Update 4/6/2022: CMS has issued a new FAQ with minor clarifications about the rules:
For example, FAQ includes discussion about situations where diagnosis codes are not required to be included with an estimate:
“[I]n situations in which a provider or facility has not
determined a diagnosis, such as for initial screening visits or evaluation and management visits;
or if there is not a relevant diagnosis code for an item or service, such as for certain dental
screenings or procedures, providers and facilities are not required to include diagnosis codes on a
Also included in the FAQ, are clarifications about Good Faith Estimates for future visits and periodic care.
Text of original AAPS alert 12/29/2021:
Late last year AAPS warned the nation about the bad surprises in the so-called No Surprises Act, buried in the longest bill ever passed by Congress. We also led an effort to encourage President Trump to veto the 5,593 page bill.
Unfortunately, now a year later, the Biden Administration is pushing forward with implementing the provisions of the law.
While the purported goal of the bill—protecting patients from unexpected medical bills—may sound attractive, piling even more red tape on physicians is the wrong way to fix problems created by past government medical policy failures.
AAPS continues the hard work of rolling back improper government intrusion into medicine like this, but for the moment, there are new rules stemming from this legislation, the Biden Administration has announced, that take effect January 1, 2022.
One of the new Biden Administration rules that has implications for physicians treating self-pay patients is outlined at 45 CFR 149.610, “Requirements for provision of good faith estimates of expected charges for uninsured (or self-pay) individuals.”
These regulations include “requirements of providers and facilities” to:
Provide a good faith estimate [of expected charges] (as specified in paragraph (c)(1) of this section) to uninsured (or self-pay) individuals within the following timeframes:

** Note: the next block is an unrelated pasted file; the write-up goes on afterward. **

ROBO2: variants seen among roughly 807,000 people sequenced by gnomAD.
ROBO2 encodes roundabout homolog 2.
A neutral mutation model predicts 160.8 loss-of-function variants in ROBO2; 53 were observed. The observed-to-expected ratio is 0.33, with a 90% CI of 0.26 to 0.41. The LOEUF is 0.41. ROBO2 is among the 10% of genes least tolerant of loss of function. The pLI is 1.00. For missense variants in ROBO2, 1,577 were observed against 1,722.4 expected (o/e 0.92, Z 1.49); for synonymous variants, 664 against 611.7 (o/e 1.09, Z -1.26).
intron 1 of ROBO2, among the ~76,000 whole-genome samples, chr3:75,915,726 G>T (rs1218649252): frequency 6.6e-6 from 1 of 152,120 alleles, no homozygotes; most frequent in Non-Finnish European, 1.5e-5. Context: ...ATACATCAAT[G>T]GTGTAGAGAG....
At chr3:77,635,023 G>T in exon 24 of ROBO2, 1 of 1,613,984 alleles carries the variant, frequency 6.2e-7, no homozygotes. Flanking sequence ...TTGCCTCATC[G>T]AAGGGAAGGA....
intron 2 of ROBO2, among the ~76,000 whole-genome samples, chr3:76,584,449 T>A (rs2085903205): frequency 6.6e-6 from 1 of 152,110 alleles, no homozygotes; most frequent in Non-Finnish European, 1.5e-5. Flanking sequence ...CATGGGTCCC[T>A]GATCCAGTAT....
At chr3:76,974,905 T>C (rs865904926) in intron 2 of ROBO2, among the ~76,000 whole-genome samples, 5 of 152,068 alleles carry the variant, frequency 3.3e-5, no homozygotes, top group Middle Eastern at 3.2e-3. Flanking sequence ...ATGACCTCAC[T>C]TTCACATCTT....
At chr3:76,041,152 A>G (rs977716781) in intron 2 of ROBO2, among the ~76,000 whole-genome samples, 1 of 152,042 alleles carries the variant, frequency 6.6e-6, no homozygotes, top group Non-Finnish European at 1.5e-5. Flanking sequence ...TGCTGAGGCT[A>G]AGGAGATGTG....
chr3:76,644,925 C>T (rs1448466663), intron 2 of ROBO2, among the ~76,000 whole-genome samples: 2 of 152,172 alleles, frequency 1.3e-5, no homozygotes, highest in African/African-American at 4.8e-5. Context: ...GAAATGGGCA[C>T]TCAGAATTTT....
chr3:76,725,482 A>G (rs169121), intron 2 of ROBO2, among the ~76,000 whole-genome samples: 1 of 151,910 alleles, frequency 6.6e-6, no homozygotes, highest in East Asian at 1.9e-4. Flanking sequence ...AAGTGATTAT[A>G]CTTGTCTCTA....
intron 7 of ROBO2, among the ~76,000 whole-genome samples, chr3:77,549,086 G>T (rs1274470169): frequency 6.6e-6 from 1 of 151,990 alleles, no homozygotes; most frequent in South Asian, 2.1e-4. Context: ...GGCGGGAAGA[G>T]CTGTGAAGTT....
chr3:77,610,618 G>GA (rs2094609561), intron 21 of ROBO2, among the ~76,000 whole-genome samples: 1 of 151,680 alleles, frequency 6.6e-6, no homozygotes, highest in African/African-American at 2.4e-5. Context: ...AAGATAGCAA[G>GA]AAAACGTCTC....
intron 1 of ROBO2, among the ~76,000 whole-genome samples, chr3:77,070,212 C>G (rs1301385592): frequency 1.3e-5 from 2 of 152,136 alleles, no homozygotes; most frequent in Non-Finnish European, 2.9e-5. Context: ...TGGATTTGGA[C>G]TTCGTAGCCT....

(A) When a primary item or service is scheduled at least 3 business days before the date the item or service is scheduled to be furnished: Not later than 1 business day after the date of scheduling;
(B) When a primary item or service is scheduled at least 10 business days before such item or service is scheduled to be furnished: Not later than 3 business days after the date of scheduling; or
(C) When a good faith estimate is requested by an uninsured (or self-pay) individual: Not later than 3 business days after the date of the request.
The rule also requires: “Informing all uninsured (or self-pay) individuals of the availability of a good faith estimate of expected charges upon scheduling an item or service or upon request.”
Note that beginning January 1, 2022, there are additional rules, disclosure, and consent requirements, related to care from out-of-network physicians providing care at certain in-network facilities: https://www.cms.gov/files/document/high-level-overview-provider-requirements.pdf
AAPS is looking for opportunities to challenge these rules. If you are contacted by CMS about these rules or hear about a related enforcement action by CMS, please reach out to us ASAP.
- An FAQ document provided by CMS about the “Good Faith Estimate” rule can be accessed at:
- Additional Fact Sheets, Guidance, and Technical Resources for compliance: https://www.cms.gov/nosurprises/Policies-and-Resources/Overview-of-rules-fact-sheets
- CMS Model Disclosure Notice
- CMS Model Good-Faith Estimate Template
- Text and Discussion of Interim Rules as published in Federal Register – https://www.federalregister.gov/d/2021-21441/p-264
- PYA analysis & implementation guide – https://www.pyapc.com/insights/no-surprises-act-implementation-guide-2-good-faith-estimate-requirements/
- AAFP concerns about implications for Direct Primary Care (DPC) practices – https://www.aafp.org/dam/AAFP/documents/advocacy/payment/dpc/LT-CMS-SurpriseBillingPart2-120321.pdf